Jamie Satcher

Reckon He’s Queer?

by Jamie Satcher

Queer: Such a powerful word. One that I spent most of my life hearing, hating, running from, and finally accepting as truth of who I am. Queer: A word of longing and dread. A game of hide and seek. Could this word really be who I am? Curiosity and rejection, all rolled into one. Queer: A word of whispers and fear. Of shouting preachers in southern Baptist churches. A cutting knife that left me afraid of the world for too much of my life. Queer: A word of redemption, pride, and advocacy. Of forming a community of peers and allies. Of being able to say at mid-life, “I am gay,” and learning that the world did not collapse–that better days lay ahead of that declaration. Queer: A word of survival and finding happiness in living.

Growing up in Mississippi, I always knew (and was constantly reminded) that I was different: smart, musical, bookish, and sensitive in a family and community in which those characteristics were considered “sissified.” But there was also a deeper difference, one that I was not able to put a name to until I was older. And, especially in my family, that difference was considered shameful, unspeakable, and irredeemably perverted. I was gay, but would not come to accept that difference until mid-life.

My folks were of the Scots-Irish, Appalachian stock well described in J.D. Vance’s book, Hillbilly Elegy. My mom was 14 when she married my 17-year-old father, and neither was mature enough to manage the responsibilities of marriage and parenthood. They divorced when I was too young to remember, leaving my mom with three small children, a 9th grade education, and no job skills.

We were desperately poor. My mother sought a way out of poverty through a revolving door of boyfriends and husbands, always optimistic that each would provide financial and emotional stability for her and her children. These men only offered false promises. They also had one thing in common—they hated me. When I was five, my mother married a man, a violent alcoholic, who would beat me to “toughen him up.” When that marriage ended, my mom was left with a fourth child to raise with no support from his father. Afterwards, and for several years, my mother had an affair with a married man who led her to believe he would divorce his wife and marry her. This boyfriend frightened me, and I remember begging my mother to never marry him. Toward the end of that relationship, in a drunken rage, he made me sit in a chair while pouring a case of beer over my head, one can at a time, calling me a “four-eyed faggot” and shouting “baptize Peter, baptize Paul, baptize Jamie head and all.”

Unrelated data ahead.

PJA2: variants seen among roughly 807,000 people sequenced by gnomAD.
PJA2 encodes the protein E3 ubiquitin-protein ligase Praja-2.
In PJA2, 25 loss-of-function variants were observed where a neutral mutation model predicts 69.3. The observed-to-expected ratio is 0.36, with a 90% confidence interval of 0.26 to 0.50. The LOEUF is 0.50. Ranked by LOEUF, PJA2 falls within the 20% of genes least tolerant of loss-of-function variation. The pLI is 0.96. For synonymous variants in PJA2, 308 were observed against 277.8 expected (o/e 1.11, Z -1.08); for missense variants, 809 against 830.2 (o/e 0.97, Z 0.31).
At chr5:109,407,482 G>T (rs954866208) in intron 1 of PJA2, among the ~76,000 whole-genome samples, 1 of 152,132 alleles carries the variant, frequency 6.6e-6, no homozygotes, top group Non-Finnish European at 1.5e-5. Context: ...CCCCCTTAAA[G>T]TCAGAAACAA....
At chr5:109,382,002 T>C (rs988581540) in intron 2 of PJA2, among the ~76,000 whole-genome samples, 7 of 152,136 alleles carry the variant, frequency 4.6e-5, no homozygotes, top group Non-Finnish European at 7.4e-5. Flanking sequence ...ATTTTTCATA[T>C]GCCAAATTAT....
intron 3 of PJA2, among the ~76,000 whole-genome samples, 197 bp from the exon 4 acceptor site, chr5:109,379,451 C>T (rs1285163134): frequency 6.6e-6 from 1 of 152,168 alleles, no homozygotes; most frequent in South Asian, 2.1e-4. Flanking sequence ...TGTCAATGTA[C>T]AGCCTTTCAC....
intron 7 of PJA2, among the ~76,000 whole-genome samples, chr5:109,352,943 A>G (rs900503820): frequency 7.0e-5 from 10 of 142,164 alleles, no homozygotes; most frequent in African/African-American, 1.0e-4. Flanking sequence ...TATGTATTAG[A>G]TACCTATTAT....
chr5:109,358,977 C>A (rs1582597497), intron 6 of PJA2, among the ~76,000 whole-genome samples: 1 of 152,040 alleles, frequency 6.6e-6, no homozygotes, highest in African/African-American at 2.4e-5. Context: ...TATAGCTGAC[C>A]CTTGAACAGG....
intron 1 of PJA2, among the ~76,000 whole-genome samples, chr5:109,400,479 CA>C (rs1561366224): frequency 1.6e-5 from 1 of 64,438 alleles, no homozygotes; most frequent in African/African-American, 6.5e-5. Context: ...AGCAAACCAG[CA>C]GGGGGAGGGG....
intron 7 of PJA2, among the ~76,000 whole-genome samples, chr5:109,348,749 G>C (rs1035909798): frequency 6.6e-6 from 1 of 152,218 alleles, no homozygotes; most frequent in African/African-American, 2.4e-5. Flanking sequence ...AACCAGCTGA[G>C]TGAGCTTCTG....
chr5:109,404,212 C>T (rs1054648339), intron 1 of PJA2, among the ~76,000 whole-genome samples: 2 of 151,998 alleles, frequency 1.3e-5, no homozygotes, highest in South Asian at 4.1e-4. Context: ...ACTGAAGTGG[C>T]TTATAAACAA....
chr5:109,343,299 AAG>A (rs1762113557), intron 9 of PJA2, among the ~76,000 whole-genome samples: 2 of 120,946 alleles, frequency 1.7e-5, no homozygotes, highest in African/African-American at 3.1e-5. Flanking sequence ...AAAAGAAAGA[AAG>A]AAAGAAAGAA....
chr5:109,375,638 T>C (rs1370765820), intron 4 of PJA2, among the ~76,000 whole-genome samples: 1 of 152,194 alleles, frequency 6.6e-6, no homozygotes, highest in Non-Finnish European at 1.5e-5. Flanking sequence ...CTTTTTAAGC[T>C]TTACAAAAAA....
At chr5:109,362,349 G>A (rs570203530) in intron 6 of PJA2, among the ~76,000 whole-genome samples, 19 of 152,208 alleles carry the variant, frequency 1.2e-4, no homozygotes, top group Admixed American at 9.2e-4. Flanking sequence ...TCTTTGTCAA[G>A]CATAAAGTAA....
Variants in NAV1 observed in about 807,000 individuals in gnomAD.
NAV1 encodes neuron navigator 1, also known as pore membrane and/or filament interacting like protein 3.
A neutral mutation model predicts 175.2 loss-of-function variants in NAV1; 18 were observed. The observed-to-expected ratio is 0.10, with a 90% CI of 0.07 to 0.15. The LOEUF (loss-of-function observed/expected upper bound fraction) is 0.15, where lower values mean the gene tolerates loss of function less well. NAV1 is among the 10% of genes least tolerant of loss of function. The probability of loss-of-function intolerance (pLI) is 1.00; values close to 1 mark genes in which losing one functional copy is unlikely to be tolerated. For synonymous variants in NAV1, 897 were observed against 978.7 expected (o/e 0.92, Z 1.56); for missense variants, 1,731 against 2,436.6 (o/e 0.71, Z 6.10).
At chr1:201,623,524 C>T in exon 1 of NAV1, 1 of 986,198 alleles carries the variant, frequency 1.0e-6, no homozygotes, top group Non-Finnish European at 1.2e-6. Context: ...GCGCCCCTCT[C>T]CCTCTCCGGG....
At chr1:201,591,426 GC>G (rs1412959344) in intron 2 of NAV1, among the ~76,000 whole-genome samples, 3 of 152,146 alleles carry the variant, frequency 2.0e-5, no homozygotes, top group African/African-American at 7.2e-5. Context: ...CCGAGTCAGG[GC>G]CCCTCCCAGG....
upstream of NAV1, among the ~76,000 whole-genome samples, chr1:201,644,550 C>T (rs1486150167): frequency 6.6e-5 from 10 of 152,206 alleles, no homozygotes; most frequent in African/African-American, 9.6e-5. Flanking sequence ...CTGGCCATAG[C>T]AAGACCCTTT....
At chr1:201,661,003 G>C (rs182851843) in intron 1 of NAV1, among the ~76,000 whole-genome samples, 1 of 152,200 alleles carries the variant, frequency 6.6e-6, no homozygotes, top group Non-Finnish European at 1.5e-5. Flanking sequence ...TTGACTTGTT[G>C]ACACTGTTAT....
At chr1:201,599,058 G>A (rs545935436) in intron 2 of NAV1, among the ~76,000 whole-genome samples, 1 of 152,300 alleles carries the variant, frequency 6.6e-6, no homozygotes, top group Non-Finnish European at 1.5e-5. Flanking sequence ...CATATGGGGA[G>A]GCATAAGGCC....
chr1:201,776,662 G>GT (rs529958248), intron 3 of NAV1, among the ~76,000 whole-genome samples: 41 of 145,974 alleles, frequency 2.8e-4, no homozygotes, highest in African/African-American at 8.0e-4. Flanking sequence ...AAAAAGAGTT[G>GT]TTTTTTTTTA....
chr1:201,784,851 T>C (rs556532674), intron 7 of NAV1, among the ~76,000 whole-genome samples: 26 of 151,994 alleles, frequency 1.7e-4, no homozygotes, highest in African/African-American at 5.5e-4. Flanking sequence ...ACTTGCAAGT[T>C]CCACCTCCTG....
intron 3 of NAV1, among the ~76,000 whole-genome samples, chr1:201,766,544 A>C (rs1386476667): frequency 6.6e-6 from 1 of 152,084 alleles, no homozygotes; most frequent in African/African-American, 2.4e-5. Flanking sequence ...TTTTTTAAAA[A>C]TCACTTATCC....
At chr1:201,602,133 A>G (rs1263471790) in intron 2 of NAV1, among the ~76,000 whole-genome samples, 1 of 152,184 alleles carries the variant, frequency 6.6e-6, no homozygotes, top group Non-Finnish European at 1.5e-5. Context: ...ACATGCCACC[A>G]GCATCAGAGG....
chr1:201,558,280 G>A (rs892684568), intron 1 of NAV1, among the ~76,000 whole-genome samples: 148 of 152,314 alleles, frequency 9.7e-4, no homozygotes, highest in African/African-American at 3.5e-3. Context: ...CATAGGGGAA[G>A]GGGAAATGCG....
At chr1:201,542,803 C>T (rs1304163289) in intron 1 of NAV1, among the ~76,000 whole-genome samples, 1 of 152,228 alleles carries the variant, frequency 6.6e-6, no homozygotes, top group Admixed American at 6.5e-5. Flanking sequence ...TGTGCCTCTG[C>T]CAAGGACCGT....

When I was in the 8th grade, my mother married again, and we moved to a small, one-red-light town that had an almost Mayberry feel to it. But it wasn’t Mayberry. This husband turned out to be the monster of all monsters. He hated that I played in the school band, which he proclaimed was for “queers.” I could practice only when he was not home, and then in a cow pasture behind the house. He had a psychiatric disability and liked to boast that he could kill and get away with it. I once intervened when he was hurting my mother, and he choked me until I thought I was going to die.

I was also trying to cope with being bullied at my new school, where I attempted to fit in by playing basketball. After one game, I was surrounded in the locker room by my teammates who taunted me, chanting “queer, queer, queer.” Bullied at school and at home, I ran away as a 14-year-old and was taken in by my schizophrenic grandmother and, later, by my older sister and her husband. I no longer had to contend directly with the craziness of my stepfather, although I struggled with rarely being able to see my mom or younger siblings, and I felt guilty about leaving them to cope with the abuse that continued after I was gone. Things improved at school, mostly because I learned to keep to myself. I was perceived as unapproachable, so I was pretty much left alone.

After finishing high school, I lived as a hermit. Distrustful and afraid of people, I had given up on life because I felt too different from anyone I knew. I worked full time at a grocery store managed by my brother-in-law. My life revolved around work and living, isolated, in a trailer I rented on a farm outside of town. I began to internalize the symptoms of schizophrenia I had seen in my grandmother, and I felt I was being watched and negatively judged by everyone I saw. And that judgement was one word: queer. My sense of being judged wasn’t just in my mind. I knew from coworkers that small-town speculation about me often began with the question, “Reckon he’s queer?” Sometimes, when driving my car through town, younger teenage boys, trying to be cool, would see me and yell “Queer!” Friendless and alone, I trusted no one. I felt trapped and angry, but also helpless about changing my circumstances.